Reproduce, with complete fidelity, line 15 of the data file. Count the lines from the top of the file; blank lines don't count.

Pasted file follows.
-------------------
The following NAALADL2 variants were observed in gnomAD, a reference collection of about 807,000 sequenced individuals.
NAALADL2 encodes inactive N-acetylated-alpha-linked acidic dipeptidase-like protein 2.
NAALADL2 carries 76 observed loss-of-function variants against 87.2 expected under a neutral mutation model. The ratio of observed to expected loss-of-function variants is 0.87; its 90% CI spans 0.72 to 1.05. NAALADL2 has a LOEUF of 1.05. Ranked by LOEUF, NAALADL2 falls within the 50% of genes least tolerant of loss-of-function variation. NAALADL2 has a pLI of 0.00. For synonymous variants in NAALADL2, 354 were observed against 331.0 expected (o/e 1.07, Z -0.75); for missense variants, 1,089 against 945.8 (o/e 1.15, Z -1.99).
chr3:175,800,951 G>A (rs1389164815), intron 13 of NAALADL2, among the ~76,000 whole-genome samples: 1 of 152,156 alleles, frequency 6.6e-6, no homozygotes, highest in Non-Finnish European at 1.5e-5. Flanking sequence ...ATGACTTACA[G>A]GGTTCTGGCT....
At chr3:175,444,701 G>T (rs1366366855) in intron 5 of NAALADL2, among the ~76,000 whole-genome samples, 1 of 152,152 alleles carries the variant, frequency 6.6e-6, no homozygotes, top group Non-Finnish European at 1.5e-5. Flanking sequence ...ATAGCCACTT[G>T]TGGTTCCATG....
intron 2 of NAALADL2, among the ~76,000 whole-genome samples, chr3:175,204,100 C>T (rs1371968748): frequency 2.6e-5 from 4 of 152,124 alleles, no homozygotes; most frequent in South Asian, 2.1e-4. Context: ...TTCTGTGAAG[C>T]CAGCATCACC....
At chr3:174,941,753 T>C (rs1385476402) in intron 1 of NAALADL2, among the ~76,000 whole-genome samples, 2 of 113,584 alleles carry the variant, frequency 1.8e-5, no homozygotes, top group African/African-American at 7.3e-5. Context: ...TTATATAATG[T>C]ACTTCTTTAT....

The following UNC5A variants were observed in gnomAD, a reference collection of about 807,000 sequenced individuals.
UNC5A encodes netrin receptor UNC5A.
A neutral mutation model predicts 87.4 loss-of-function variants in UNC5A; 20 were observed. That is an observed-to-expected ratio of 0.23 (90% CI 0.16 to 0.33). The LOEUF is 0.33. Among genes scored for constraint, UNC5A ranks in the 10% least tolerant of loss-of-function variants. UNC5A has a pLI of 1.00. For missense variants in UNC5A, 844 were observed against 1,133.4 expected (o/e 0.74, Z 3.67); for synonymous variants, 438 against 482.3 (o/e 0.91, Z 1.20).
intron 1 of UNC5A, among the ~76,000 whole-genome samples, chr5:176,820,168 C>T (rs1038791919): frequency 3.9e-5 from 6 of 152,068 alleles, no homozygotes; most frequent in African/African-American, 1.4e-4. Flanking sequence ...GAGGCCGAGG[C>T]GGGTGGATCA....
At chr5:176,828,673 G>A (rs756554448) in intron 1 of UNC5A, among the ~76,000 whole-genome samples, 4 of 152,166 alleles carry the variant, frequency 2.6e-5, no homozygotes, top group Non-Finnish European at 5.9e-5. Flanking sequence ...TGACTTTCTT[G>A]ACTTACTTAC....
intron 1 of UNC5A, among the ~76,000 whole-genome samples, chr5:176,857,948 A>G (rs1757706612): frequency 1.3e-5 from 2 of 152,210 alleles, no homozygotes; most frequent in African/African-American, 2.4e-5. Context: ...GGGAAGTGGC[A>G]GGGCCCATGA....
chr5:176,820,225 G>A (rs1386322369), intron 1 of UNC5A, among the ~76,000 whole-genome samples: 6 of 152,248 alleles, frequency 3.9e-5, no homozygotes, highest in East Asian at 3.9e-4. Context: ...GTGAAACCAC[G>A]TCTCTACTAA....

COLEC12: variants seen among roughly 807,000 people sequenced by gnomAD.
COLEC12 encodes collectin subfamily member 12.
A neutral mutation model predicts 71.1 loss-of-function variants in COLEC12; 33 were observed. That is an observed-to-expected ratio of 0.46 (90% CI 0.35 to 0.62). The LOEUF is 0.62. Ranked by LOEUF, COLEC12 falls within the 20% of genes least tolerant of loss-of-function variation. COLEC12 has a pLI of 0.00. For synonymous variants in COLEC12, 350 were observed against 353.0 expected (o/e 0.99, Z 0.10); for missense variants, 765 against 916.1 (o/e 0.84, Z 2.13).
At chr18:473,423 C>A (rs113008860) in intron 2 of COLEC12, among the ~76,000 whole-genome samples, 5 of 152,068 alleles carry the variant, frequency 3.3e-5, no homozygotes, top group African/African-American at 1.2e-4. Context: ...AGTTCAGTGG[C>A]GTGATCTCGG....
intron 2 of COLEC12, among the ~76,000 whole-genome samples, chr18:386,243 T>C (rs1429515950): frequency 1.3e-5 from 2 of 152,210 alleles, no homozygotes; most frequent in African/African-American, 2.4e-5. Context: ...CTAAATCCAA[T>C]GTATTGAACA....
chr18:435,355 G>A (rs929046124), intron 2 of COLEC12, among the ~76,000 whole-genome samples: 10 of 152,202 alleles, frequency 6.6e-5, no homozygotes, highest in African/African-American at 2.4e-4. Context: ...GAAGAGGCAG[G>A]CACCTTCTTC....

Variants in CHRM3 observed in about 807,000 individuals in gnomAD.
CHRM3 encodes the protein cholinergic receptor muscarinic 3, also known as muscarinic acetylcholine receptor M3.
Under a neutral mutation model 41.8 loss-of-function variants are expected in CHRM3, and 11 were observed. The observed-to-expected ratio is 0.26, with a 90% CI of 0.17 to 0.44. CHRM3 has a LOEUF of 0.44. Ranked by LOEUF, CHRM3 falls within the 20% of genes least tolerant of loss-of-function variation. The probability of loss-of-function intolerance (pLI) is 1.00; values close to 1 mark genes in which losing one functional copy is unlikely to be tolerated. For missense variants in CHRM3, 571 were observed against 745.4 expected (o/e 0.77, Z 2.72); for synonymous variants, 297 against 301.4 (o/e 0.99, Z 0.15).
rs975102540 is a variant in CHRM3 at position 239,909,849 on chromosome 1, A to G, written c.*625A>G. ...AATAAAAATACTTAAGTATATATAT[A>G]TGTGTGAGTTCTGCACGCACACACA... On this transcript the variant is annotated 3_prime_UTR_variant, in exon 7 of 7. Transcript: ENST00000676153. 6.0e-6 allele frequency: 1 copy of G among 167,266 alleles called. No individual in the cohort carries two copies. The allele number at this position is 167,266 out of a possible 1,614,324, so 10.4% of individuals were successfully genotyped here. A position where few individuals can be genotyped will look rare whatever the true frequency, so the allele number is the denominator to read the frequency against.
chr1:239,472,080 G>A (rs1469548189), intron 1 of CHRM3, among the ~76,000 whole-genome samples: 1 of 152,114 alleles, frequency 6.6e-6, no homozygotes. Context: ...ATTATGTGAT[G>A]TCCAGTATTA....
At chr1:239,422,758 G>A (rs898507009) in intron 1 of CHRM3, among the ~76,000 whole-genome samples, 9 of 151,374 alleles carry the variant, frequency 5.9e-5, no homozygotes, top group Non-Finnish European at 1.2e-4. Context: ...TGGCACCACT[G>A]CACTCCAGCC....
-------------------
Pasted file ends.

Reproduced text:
COLEC12: variants seen among roughly 807,000 people sequenced by gnomAD.